A: According to the U.K. National Health Service (NHS), a woman does bleed when her hymen breaks, but the bleeding is not necessarily significant enough to be noticeable. The breaking of the hymen does not necessarily lead to pain, either.
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  • Q: What causes a blighted ovum?

    A: Miscarriage from a blighted ovum is usually caused by genetic chromosomal defects in the fertilized ovum, according to WebMD. A blighted ovum is a fertilized egg that implants in the uterus, but then fails to develop into an embryo.
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  • Q: What happens during a hysterectomy surgery?

    A: During hysterectomy surgery, a woman's uterus is completely or partially removed, according to WebMD. The surgeon may remove only the top of the uterus and leave the neck, or cervix. Both the cervix and the uterus proper may be removed.
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  • Q: Why do ovarian dermoid cysts grow back after removal?

    A: Researchers hypothesize that ovarian dermoid cysts may recur in procedures where the surgeon does not have a clear enough view of the pelvis and is unaware that a second cyst exists, according to Women's Health Advice. Laparoscopies, while less intrusive than laparotomies, have an ovarian dermoid cyst recurrence rate of 7 percent within two years following surgery. Laparatomies have a recurrence rate of approximately 0 percent, although the length of hospitalization and associated blood loss are both higher.
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  • What instruments are used for a pap smear?

    Q: What instruments are used for a pap smear?

    A: The Medical Center of the University of Rochester explains that a speculum, cervical brush and a glass slide are used during a pap smear along with a preserving solution. The metal or plastic speculum is inserted into the vagina and opens the walls to make the cervix accessible to perform the test. The cervical brush collects cervical cells from the inner and outer surfaces of the cervix.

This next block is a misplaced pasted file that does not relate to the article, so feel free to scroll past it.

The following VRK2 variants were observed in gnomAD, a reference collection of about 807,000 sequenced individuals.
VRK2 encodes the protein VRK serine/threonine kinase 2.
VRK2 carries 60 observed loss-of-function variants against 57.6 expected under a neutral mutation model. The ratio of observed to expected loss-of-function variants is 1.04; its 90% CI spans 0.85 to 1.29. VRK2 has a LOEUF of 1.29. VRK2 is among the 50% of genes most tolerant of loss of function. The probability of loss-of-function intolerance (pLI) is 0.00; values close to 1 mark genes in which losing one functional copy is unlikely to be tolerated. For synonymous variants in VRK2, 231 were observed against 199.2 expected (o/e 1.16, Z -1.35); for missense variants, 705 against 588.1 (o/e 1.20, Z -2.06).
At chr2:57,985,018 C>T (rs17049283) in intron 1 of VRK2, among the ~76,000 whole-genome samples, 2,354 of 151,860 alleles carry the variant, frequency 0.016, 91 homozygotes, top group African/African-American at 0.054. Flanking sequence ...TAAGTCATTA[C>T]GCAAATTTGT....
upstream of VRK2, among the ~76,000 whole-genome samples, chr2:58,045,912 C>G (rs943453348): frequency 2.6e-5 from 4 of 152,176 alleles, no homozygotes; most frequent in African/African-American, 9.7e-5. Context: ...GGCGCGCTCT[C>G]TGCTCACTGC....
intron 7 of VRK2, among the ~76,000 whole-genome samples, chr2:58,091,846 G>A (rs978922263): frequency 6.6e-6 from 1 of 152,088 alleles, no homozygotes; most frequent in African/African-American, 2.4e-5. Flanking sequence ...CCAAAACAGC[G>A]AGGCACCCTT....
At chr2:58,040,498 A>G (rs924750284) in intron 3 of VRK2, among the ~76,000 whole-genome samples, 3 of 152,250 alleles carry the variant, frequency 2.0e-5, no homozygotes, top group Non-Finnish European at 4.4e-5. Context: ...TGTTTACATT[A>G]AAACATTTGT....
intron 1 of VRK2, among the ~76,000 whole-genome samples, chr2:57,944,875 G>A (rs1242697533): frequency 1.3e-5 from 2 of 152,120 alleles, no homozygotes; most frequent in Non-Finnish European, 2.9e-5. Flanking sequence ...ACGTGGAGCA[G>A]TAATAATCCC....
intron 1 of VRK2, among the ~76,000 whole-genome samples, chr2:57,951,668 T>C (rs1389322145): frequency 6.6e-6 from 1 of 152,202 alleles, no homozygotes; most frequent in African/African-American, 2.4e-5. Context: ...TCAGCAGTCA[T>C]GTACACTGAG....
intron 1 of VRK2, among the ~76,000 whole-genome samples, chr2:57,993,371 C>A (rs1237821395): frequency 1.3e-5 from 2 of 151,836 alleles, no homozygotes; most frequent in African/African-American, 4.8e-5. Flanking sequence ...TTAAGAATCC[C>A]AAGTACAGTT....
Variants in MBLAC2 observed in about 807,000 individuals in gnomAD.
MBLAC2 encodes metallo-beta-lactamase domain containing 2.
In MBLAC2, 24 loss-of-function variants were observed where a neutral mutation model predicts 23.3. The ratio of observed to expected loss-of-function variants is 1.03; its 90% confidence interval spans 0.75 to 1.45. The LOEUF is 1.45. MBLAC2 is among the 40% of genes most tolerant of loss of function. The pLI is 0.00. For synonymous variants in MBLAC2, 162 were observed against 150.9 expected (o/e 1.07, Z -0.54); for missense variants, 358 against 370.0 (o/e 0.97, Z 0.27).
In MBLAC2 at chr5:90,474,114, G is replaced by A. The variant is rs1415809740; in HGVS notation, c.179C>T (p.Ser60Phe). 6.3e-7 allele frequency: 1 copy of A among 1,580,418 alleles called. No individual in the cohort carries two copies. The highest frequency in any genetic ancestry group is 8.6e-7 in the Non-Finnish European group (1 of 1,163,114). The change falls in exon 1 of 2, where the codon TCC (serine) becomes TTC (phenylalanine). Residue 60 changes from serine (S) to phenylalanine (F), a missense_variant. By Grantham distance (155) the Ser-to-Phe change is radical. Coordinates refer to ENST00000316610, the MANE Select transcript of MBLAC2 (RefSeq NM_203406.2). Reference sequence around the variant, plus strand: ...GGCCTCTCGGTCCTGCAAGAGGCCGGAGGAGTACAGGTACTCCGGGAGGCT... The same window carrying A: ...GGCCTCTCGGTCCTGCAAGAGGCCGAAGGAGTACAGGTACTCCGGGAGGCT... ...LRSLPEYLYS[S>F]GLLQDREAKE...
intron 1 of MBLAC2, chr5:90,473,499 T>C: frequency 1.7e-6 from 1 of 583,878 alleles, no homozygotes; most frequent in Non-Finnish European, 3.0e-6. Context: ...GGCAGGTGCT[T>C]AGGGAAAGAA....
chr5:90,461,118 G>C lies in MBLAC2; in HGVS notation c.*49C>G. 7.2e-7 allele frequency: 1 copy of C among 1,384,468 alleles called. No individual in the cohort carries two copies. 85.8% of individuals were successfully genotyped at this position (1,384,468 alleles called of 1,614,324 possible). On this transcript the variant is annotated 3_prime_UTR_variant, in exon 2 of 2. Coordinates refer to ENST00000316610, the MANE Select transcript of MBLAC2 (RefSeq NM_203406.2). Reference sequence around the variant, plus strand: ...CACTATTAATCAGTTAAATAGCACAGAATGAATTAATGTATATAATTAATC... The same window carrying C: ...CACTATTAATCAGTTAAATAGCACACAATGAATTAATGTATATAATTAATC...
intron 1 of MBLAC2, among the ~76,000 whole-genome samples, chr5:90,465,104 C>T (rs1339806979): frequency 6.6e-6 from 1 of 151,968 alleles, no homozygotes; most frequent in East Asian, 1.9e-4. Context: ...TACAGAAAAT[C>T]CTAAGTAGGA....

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  • What is a calcified uterine fibroid?

    Q: What is a calcified uterine fibroid?

    A: A calcified uterine fibroid is a benign gynecologic tumor that has outgrown its blood supply, leading to degeneration, explains the Fibroid Treatment Collective. Degeneration causes calcium deposition, which results in calcification.
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  • Q: What is involved in laparoscopic surgery and ovary removal?

    A: An oophorectomy, or ovary removal, can be performed either through traditional open abdominal surgery or laparoscopically. A laparoscopic oophorectomy involves making three to four small incisions in the abdomen and using a special camera and tools to remove the ovaries. In some cases, a laparoscopic oophorectomy may be robotically assisted. During a robotically assisted laparoscopic oophorectomy, the surgeon uses a special three-dimensional monitor and hand controls to control the surgical equipment, explains Mayo Clinic.
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  • Q: What aftercare is required after a myomectomy?

    A: The aftercare for myomectomy includes avoiding driving, climbing stairs, lifting heavy objects and vigorously exercising until fully recovered, according to the Mayo Clinic. It also recommends that the use of tampons be avoided during the recovery period.
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  • Q: How are fibroids removed from the uterus?

    A: Fibroids are removed from the uterus by procedures such as focused ultrasound surgery, uterine artery embolization, myolysis or cryomyolysis, and laparoscopic or hysteroscopic myomectomy, according to the Mayo Clinic. They can also be removed via endometrial ablation, abdominal myomectomy and hysterectomy.
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  • Q: What does "dropped cervix" mean?

    A: According to WebMD, a dropped cervix refers to varying degrees of a prolapsed uterus. A uterus becomes prolapsed when it, in whole or in part, sags into the vagina.
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  • Q: What is the purpose of the cervix?

    A: The cervix serves several purposes in the female reproductive system, including dilation during menstruation and childbirth and constricting during pregnancy, according to Women's Health. The cervix is a sphincter located between the vagina and uterus with an opening called the cervical os.